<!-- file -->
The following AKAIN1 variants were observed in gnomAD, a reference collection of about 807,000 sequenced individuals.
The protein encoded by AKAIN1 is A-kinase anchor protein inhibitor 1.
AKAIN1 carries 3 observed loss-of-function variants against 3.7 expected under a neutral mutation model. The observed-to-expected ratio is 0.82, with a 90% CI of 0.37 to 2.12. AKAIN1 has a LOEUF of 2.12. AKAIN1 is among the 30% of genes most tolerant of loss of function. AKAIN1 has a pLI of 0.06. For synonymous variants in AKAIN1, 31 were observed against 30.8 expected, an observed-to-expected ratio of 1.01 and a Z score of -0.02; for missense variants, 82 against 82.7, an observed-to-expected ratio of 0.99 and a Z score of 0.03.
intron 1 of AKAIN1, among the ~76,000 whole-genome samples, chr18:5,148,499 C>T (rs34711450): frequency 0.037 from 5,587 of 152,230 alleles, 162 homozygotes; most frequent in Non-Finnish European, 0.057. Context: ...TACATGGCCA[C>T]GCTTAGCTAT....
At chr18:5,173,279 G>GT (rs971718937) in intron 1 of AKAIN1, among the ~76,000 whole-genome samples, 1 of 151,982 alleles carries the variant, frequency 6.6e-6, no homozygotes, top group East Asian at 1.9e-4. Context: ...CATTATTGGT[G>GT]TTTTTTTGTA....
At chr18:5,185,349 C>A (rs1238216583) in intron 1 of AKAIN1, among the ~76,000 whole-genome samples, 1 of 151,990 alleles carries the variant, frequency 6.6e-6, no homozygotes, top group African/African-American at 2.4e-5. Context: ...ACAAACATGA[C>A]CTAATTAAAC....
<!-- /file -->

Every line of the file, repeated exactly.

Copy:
The following AKAIN1 variants were observed in gnomAD, a reference collection of about 807,000 sequenced individuals.
The protein encoded by AKAIN1 is A-kinase anchor protein inhibitor 1.
AKAIN1 carries 3 observed loss-of-function variants against 3.7 expected under a neutral mutation model. The observed-to-expected ratio is 0.82, with a 90% CI of 0.37 to 2.12. AKAIN1 has a LOEUF of 2.12. AKAIN1 is among the 30% of genes most tolerant of loss of function. AKAIN1 has a pLI of 0.06. For synonymous variants in AKAIN1, 31 were observed against 30.8 expected, an observed-to-expected ratio of 1.01 and a Z score of -0.02; for missense variants, 82 against 82.7, an observed-to-expected ratio of 0.99 and a Z score of 0.03.
intron 1 of AKAIN1, among the ~76,000 whole-genome samples, chr18:5,148,499 C>T (rs34711450): frequency 0.037 from 5,587 of 152,230 alleles, 162 homozygotes; most frequent in Non-Finnish European, 0.057. Context: ...TACATGGCCA[C>T]GCTTAGCTAT....
At chr18:5,173,279 G>GT (rs971718937) in intron 1 of AKAIN1, among the ~76,000 whole-genome samples, 1 of 151,982 alleles carries the variant, frequency 6.6e-6, no homozygotes, top group East Asian at 1.9e-4. Context: ...CATTATTGGT[G>GT]TTTTTTTGTA....
At chr18:5,185,349 C>A (rs1238216583) in intron 1 of AKAIN1, among the ~76,000 whole-genome samples, 1 of 151,990 alleles carries the variant, frequency 6.6e-6, no homozygotes, top group African/African-American at 2.4e-5. Context: ...ACAAACATGA[C>A]CTAATTAAAC....